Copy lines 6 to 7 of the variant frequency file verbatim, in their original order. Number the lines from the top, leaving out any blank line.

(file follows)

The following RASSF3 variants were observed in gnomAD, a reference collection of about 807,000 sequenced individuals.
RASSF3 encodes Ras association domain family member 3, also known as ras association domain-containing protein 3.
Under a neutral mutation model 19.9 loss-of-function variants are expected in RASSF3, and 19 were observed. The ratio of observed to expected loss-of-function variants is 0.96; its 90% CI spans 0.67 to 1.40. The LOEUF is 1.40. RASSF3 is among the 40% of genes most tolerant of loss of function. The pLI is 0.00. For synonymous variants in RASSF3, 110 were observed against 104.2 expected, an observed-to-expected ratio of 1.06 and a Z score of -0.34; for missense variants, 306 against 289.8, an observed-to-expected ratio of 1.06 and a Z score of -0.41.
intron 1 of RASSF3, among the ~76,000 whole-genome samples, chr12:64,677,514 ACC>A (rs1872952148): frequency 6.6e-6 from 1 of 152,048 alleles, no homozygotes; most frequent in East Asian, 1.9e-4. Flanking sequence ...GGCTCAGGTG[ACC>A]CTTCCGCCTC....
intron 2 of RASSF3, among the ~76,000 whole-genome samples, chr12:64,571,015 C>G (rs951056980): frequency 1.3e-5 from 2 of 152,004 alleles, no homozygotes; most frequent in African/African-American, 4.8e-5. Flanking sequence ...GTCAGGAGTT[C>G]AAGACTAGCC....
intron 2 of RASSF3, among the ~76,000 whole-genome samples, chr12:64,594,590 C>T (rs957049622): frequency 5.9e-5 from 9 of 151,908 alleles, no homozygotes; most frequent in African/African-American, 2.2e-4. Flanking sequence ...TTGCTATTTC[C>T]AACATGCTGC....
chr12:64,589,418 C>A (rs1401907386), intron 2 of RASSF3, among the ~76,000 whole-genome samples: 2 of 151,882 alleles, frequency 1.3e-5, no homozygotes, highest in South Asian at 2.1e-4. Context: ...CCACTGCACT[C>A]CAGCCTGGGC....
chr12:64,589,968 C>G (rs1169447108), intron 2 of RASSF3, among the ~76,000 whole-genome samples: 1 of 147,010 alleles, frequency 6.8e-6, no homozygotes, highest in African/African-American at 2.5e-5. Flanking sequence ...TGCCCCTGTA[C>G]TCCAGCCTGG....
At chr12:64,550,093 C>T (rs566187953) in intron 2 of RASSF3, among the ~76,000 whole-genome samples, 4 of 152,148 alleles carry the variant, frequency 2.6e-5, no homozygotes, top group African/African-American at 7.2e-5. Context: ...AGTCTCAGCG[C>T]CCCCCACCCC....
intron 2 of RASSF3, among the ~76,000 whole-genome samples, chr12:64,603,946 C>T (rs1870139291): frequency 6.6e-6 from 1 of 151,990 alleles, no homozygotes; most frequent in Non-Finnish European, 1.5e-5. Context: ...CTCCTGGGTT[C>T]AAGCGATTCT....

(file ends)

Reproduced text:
intron 2 of RASSF3, among the ~76,000 whole-genome samples, chr12:64,594,590 C>T (rs957049622): frequency 5.9e-5 from 9 of 151,908 alleles, no homozygotes; most frequent in African/African-American, 2.2e-4. Flanking sequence ...TTGCTATTTC[C>T]AACATGCTGC....
chr12:64,589,418 C>A (rs1401907386), intron 2 of RASSF3, among the ~76,000 whole-genome samples: 2 of 151,882 alleles, frequency 1.3e-5, no homozygotes, highest in South Asian at 2.1e-4. Context: ...CCACTGCACT[C>A]CAGCCTGGGC....